Syria talks reach dead end, opposition says
Regime sticks to only one issue, says opposition delegate, referring to rebel 'terrorism.'
A second round of Syrian peace talks have reached a dead end, an opposition delegate said Friday after a day of separate meetings between each side and UN envoy Lakhdar Brahimi.
"The regime is sticking to only one issue," Louay al-Safi, spokesman for the opposition delegation said, referring to what the government calls "terrorism" by rebel groups.
"We took several steps and discussed it, but the regime wants to keep standing there though we said that halting violence requires a new government," he said.
"We reached a dead end," he added, saying the talks could continue for another day.
Al-Safi called on Russia, an ally of the Syrian government, to persuade the regime of President Bashar Assad to discuss a political solution to the crisis.
Russia and the United States have sponsored the talks, aimed at ending the civil war in which more than 130,000 people have died.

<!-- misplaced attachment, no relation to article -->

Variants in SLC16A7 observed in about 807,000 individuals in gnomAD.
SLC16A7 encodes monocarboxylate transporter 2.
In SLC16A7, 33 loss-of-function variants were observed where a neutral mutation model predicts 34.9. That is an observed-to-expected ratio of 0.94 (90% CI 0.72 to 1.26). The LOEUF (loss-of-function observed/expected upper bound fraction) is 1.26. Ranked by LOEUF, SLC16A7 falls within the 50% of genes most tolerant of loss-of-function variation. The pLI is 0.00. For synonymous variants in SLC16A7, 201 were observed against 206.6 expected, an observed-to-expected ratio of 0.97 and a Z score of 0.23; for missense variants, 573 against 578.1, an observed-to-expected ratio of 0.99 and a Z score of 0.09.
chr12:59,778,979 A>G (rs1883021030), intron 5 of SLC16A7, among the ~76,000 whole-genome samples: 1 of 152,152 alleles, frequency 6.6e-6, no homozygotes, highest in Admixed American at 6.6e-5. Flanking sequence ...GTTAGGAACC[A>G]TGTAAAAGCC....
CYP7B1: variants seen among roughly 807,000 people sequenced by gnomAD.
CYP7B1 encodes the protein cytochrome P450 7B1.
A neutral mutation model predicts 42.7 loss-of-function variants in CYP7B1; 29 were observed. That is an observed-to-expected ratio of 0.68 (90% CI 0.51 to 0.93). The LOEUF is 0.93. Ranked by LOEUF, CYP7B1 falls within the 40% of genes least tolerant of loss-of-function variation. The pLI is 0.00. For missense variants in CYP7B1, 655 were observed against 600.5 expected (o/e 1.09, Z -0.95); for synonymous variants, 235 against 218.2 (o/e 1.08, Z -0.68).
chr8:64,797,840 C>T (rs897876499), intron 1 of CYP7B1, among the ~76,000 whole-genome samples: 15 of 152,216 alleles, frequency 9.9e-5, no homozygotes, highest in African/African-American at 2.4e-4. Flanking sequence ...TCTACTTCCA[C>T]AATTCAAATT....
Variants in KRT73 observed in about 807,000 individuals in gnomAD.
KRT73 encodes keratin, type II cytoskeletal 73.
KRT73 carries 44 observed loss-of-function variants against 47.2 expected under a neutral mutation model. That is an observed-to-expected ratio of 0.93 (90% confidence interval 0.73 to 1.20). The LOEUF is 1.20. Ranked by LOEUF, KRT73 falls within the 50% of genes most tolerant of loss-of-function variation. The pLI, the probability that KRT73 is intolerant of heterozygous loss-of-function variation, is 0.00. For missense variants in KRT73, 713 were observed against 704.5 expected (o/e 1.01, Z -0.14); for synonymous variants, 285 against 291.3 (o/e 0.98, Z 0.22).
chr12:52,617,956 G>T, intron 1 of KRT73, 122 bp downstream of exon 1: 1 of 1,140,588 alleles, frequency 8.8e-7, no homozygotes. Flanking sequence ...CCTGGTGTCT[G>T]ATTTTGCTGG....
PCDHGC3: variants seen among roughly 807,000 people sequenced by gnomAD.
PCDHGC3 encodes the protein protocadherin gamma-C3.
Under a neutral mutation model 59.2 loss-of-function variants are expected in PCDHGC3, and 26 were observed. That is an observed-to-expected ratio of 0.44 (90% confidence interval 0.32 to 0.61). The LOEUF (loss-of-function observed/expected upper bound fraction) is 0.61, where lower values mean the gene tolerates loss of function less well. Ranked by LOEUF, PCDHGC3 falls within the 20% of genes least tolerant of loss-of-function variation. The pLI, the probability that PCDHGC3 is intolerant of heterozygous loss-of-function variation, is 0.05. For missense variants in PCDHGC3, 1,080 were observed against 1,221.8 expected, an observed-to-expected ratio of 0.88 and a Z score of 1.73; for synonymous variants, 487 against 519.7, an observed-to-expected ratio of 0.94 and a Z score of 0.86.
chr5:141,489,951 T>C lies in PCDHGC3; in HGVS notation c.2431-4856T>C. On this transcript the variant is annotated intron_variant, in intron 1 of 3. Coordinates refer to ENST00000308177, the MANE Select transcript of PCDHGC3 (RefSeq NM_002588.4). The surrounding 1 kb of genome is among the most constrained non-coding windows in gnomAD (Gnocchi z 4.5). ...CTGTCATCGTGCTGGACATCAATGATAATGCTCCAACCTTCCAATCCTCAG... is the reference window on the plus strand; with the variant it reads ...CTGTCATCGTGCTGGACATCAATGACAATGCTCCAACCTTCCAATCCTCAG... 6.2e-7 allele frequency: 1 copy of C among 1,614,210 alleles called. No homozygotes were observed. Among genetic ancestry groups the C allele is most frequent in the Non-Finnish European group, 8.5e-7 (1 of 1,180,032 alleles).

The second round of discussions started Monday with more setbacks than progress.
Al-Safi said the opposition received no response to a proposal it had submitted Wednesday for ending the civil war. The proposal called for a transitional body to be formed that would, in addition to having full executive powers, be "the sole legitimate body representing Syrian sovereignty."
That proposal appeared to point to a formula that could reconcile opposition demands for the removal of Assad with Assad's own insistence that he remain in office until elections scheduled this year.
Also on Friday, a senior U.S. official said Syria's government delegation has been "stonewalling every step of the way" in Geneva peace talks and Washington expects Russia to pressure them to engage seriously in the peace process.
"We hope and trust that because the Russians believe in a political solution, a diplomatic solution, they will urge the regime to engage in a serious and constructive way," the official said. "The regime hasn't done so yet, that speaks for itself."